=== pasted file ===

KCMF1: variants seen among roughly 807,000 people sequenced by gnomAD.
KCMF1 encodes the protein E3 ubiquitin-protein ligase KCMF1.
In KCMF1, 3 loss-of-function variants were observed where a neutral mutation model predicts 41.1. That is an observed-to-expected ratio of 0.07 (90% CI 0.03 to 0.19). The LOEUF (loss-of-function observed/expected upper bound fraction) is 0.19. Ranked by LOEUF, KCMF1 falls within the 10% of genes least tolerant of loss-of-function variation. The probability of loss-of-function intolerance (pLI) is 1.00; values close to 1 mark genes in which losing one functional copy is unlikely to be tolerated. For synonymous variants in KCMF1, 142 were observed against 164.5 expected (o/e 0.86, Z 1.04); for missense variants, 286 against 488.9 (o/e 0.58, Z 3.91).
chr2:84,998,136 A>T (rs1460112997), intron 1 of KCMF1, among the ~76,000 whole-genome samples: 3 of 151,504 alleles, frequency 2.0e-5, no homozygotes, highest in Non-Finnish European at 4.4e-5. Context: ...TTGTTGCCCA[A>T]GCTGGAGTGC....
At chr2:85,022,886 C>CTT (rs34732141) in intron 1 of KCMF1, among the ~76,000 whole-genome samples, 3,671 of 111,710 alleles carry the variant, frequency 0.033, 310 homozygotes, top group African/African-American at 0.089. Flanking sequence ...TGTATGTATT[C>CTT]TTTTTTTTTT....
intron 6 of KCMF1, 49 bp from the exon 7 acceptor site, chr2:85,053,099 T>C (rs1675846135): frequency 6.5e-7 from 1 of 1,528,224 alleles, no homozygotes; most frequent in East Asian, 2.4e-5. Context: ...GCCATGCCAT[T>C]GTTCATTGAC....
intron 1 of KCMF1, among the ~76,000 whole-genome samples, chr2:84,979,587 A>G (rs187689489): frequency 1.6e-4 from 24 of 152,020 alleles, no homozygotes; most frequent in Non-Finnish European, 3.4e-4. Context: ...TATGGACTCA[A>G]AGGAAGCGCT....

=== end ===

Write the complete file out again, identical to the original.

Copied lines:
KCMF1: variants seen among roughly 807,000 people sequenced by gnomAD.
KCMF1 encodes the protein E3 ubiquitin-protein ligase KCMF1.
In KCMF1, 3 loss-of-function variants were observed where a neutral mutation model predicts 41.1. That is an observed-to-expected ratio of 0.07 (90% CI 0.03 to 0.19). The LOEUF (loss-of-function observed/expected upper bound fraction) is 0.19. Ranked by LOEUF, KCMF1 falls within the 10% of genes least tolerant of loss-of-function variation. The probability of loss-of-function intolerance (pLI) is 1.00; values close to 1 mark genes in which losing one functional copy is unlikely to be tolerated. For synonymous variants in KCMF1, 142 were observed against 164.5 expected (o/e 0.86, Z 1.04); for missense variants, 286 against 488.9 (o/e 0.58, Z 3.91).
chr2:84,998,136 A>T (rs1460112997), intron 1 of KCMF1, among the ~76,000 whole-genome samples: 3 of 151,504 alleles, frequency 2.0e-5, no homozygotes, highest in Non-Finnish European at 4.4e-5. Context: ...TTGTTGCCCA[A>T]GCTGGAGTGC....
At chr2:85,022,886 C>CTT (rs34732141) in intron 1 of KCMF1, among the ~76,000 whole-genome samples, 3,671 of 111,710 alleles carry the variant, frequency 0.033, 310 homozygotes, top group African/African-American at 0.089. Flanking sequence ...TGTATGTATT[C>CTT]TTTTTTTTTT....
intron 6 of KCMF1, 49 bp from the exon 7 acceptor site, chr2:85,053,099 T>C (rs1675846135): frequency 6.5e-7 from 1 of 1,528,224 alleles, no homozygotes; most frequent in East Asian, 2.4e-5. Context: ...GCCATGCCAT[T>C]GTTCATTGAC....
intron 1 of KCMF1, among the ~76,000 whole-genome samples, chr2:84,979,587 A>G (rs187689489): frequency 1.6e-4 from 24 of 152,020 alleles, no homozygotes; most frequent in Non-Finnish European, 3.4e-4. Context: ...TATGGACTCA[A>G]AGGAAGCGCT....